Clinical Neuroscience

[SYNAPTIC CONNECTIONS OF GLUTAMATERGIC NERVE FIBRES IN THE RAT SUPRACHIASMATIC NUCLEUS]

KISS József, CSÁKI Ágnes, CSABA Zsolt, HALÁSZ Béla

MARCH 20, 2007

Clinical Neuroscience - 2007;60(03-04)

[Background and purpose - The hypothalamic suprachiasmatic nucleus functioning as the principal circadian pacemaker in mammals, has a rich glutamatergic innervation. Nothing is known about the terminations of the glutamatergic fibres. The aim of the present investigations was to study the relationship between glutamatergic axon terminals and vasoactive intestinal polypeptide (VIP), GABA and arginine-vasopressin (AVP) neurons in the cell group. Methods - Double label immunocytochemistry was used and the brain sections were examined under the electron microscope. Vesicular glutamate transporter type 2 was applied as marker of the glutamatergic elements. Results - Glutamatergic fibers were detected in synaptic contact with GABAergic, VIP- and AVP-positive neurons forming asymmetric type of synapses. Conclusion - The findings are the first data on the synaptic contacts of glutamatergic axon terminals with neurochemically identified neurons in the suprachiasmatic nucleus.]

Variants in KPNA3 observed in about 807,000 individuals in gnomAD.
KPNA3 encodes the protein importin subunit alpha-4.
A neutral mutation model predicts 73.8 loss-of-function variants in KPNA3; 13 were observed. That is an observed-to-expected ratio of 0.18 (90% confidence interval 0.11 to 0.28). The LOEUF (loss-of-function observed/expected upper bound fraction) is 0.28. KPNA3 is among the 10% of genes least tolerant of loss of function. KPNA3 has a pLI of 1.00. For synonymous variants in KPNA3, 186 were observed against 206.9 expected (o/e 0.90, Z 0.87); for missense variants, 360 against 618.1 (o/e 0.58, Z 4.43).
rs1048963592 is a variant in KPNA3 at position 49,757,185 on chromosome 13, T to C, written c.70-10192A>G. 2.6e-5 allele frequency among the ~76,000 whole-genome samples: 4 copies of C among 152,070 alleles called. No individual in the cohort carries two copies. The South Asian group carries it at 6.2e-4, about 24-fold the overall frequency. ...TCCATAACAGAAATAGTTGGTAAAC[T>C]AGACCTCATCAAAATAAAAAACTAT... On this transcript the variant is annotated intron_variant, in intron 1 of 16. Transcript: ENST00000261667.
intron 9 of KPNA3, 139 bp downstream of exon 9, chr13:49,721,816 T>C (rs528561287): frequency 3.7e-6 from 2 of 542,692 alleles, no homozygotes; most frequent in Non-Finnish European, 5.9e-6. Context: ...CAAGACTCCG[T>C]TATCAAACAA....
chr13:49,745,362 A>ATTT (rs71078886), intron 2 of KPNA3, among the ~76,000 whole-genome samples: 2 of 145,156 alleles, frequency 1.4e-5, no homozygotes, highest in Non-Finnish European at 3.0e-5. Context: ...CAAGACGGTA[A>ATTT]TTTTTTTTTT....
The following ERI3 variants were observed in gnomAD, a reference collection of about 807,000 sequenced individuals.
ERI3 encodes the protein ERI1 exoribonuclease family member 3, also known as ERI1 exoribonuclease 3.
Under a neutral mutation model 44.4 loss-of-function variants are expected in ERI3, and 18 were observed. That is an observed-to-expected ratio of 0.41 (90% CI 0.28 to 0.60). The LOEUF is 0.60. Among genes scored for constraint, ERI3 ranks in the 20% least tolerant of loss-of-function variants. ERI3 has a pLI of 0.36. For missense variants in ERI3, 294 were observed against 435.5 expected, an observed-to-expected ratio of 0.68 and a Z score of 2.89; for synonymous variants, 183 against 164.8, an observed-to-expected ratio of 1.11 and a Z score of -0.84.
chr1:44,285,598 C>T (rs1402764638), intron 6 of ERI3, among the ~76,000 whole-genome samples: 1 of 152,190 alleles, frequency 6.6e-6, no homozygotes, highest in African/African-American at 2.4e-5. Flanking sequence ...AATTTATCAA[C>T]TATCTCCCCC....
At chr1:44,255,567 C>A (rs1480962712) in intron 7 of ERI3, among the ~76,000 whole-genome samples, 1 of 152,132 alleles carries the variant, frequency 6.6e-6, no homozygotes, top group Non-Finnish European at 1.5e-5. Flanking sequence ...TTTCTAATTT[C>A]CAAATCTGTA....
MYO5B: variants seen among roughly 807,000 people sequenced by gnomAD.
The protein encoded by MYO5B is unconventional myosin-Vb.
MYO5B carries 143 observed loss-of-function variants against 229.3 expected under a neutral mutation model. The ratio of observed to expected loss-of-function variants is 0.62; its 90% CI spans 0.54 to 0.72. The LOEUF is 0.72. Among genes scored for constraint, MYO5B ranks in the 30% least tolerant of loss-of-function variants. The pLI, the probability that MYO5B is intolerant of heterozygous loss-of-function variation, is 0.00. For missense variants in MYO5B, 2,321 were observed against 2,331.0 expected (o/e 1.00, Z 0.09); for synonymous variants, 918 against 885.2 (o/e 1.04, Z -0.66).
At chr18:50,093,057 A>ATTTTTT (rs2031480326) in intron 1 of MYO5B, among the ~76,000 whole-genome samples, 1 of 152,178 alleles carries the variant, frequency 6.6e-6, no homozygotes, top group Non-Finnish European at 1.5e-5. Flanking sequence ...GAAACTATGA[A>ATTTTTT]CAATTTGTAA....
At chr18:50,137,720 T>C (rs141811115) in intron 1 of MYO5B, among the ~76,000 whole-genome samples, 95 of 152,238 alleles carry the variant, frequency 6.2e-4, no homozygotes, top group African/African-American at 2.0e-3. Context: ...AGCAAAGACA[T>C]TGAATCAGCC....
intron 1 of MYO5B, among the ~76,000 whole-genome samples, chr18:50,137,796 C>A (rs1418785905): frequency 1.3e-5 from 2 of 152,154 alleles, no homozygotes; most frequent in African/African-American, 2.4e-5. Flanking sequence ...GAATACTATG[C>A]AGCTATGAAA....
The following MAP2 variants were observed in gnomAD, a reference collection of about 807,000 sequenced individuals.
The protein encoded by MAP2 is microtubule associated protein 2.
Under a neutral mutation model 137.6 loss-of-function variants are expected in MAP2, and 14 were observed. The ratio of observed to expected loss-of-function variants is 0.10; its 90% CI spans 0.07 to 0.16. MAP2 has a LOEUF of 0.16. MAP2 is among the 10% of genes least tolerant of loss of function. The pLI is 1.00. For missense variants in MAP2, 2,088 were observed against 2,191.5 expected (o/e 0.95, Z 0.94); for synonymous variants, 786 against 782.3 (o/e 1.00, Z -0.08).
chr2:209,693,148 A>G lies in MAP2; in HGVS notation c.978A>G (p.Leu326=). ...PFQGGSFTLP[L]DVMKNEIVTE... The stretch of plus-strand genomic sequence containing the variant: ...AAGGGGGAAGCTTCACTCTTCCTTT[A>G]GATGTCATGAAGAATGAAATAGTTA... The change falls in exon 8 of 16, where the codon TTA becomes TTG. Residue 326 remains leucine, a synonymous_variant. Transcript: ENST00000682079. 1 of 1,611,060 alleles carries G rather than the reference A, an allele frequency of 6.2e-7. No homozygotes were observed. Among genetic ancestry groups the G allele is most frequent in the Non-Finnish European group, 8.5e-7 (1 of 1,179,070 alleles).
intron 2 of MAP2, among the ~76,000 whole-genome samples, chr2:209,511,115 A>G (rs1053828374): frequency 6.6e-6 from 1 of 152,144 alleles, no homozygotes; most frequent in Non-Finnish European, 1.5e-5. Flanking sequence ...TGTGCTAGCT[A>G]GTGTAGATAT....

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Clinical Neuroscience

[PROTECTIVE ACTION OF SNAKE VENOM NAJA NAJA OXIANA AT SPINAL CORD HEMISECTION]

ABRAHAMYAN S. Silva, MELIKSETYAN B. Irina, CHAVUSHYAN A. Vergine, ALOYAN L. Mery, SARKISSIAN S. John